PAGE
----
It’s a torquey unit too, with 350Nm at your right foot’s disposal from just 1,650rpm, very low down in the rev range. That peak figure’s available through to 4,400rpm too, allowing for rapid overtaking as well as benefitting the 7.5-second 0-62mph time.

Like the 300h, the 200t is only available with an automatic gearbox, in this case an eight-speed Sports Direct Shift transmission. Up- and down-changes are smoothly actioned but left to its own devices it changes up a ratio earlier than you’d want during harder acceleration – even here Lexus still has an eye on efficiency, although with claims of 38.7mpg and 168g/km of CO2 it’s not immediately apparent.


  • Not as sporty to drive as the looks suggest
  • Hybrid has a comfortable handling balance
  • Steering not up to BMW standards

All the ingredients are there to bless the Lexus RC with handling prowess: gutsy engines to encourage this rear-wheel drive car to be playful through corners, a compact coupe bodyshell that screams ‘drive me’ and our fondness for the range-topping RC F version.

Hybrid’s comfort makes it a relaxed cruiser

Despite its lack of urgency, the RC 300h is fit for purpose and in tune with Lexus’s comfort-focused mantra. There’s more of a supple bias to the suspension’s compliance, making it a relaxed and efficient cruiser, with easy access to the drivetrain’s performance when the Drive Mode Select’s switched to Sport.

Selecting an F Sport derivative brings adaptive suspension to the dynamic mix, as well as a Sport S+ mode for firmer springing. It sharpens the RC’s responses making it feel less inclined to roll through corners – it also alters the instrument panel display and the slight amount of augmented sound piped into the cabin.

Grippy handling but lacks rivals’ levels of involvement

Grip levels remain high. Sending plenty of torque to the rear wheels as you power into a bend doesn’t unstick the Lexus’s tail readily in the way a 4 Series or C-Class Coupe would.

Lexus RC cornering

Where greater emphasis can be felt is through the steering. Again, it doesn’t deliver the same degree of communication about how much grip the front wheels have as you press on through a corner as a 4 Series. Lexus buyers switching to the RC from an older saloon would feel at home in this accurate and predictable coupe.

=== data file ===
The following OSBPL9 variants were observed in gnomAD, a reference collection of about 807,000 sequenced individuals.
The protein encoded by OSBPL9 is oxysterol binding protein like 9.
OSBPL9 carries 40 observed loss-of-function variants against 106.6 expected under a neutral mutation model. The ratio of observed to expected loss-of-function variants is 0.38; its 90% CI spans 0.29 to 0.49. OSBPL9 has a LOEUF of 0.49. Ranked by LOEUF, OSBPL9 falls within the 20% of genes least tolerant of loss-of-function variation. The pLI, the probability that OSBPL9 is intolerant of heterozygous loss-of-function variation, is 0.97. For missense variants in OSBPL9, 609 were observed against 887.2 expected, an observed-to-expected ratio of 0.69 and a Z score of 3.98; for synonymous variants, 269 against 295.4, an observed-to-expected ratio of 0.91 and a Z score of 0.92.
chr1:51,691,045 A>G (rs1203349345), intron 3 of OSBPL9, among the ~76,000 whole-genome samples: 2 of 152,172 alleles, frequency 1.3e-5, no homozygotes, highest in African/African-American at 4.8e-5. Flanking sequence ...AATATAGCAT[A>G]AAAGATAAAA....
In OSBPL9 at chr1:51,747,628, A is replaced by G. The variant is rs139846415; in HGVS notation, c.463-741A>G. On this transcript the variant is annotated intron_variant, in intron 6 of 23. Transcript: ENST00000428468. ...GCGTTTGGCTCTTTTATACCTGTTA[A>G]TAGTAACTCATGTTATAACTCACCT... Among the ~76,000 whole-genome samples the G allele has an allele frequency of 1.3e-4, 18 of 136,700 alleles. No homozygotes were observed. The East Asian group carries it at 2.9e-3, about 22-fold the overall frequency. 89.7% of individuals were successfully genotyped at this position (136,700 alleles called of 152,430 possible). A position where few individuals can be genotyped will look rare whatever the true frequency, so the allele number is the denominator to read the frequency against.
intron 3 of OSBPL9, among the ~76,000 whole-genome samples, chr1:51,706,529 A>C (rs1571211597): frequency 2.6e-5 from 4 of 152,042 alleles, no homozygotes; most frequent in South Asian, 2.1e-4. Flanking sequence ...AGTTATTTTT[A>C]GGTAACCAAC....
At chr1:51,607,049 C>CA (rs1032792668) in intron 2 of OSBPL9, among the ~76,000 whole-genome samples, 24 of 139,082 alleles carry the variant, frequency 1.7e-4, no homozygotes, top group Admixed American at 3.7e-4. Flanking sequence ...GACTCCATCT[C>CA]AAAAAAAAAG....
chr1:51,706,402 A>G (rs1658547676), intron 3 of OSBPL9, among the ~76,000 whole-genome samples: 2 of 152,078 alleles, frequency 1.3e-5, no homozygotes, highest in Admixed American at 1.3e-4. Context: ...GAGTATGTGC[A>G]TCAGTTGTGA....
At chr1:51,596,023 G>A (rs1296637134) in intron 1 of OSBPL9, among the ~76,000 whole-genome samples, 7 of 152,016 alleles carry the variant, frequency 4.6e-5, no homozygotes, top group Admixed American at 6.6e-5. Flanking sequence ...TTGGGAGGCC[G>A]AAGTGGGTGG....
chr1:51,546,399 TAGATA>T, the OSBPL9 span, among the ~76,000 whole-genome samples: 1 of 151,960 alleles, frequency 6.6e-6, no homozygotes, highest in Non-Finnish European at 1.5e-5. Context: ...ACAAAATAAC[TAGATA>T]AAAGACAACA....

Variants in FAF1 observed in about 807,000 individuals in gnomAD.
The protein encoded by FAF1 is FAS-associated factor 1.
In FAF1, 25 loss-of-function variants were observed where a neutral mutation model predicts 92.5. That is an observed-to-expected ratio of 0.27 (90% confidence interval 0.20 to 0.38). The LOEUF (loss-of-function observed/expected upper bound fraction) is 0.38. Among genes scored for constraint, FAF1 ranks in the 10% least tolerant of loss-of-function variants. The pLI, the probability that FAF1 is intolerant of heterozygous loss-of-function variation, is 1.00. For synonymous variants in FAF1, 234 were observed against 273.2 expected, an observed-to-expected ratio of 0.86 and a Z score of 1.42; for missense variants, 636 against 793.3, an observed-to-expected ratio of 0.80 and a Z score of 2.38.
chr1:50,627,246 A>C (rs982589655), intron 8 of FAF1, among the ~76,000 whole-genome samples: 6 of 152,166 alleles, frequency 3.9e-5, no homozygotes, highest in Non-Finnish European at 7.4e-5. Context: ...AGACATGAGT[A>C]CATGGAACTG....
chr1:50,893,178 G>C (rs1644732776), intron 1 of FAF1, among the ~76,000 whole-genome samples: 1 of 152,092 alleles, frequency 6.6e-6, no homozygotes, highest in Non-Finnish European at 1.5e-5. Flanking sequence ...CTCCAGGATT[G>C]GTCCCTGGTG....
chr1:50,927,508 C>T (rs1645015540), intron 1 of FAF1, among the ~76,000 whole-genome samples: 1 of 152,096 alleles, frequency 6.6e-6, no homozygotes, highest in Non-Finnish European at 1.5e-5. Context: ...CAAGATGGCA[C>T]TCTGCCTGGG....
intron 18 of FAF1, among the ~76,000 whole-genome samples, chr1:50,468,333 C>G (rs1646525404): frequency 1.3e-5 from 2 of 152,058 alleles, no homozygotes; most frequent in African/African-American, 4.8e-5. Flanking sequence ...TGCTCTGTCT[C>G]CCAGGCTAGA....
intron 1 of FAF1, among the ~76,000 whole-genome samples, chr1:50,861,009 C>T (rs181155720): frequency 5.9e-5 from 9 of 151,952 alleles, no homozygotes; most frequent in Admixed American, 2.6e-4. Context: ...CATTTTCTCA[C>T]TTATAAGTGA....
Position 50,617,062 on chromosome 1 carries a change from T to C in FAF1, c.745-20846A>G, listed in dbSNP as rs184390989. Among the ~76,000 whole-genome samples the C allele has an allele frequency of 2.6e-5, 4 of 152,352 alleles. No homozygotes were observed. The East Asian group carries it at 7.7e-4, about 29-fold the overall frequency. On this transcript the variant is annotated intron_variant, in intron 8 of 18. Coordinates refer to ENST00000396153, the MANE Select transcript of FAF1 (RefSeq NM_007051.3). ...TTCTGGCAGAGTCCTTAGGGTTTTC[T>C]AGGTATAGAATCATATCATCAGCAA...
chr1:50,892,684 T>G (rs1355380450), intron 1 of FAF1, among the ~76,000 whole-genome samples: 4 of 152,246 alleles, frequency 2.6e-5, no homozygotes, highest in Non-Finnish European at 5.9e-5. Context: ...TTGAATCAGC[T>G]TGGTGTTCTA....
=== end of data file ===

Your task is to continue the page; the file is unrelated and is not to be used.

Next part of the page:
How does the Lexus RC F handle?

The Lexus RC F is not a light car, with most models weighing in around 1,800kg. And no matter what intricate chassis systems are employed it can’t entirely combat the laws of physics. On the track – admittedly an area many RC F owners won’t explore – there’s no escaping that heft when cornering.

In the dry the Lexus displays an abundance of grip, something not so obvious in its turbocharged rivals. When you get the back end to slide, the RC F does so in an entirely predictable manner, and though you’ll have to be quick to control the resulting slide it’s not frantic.

The RC F’s torque vectoring explained

The Vehicle Dynamics Integrated Management (VDIM) system gives you four different modes play with:

  • Normal - does what it says on the tin
  • Sport - race-track settings for the traction control, ABS and stability system
  • Off – you’re on your own
  • Expert – like Off, but with a safety net developed to help prevent a spin

The optional Torque Vectoring Differential (TVD) – standard on the RC F Carbon – adds another three modes to the car’s responses with Standard, Slalom and Track options. As a default, the Standard mode settles faithfully between the optimum agility and stability, while Slalom increases agility and sharpness of turn-in, and Track increases high speed cornering stability.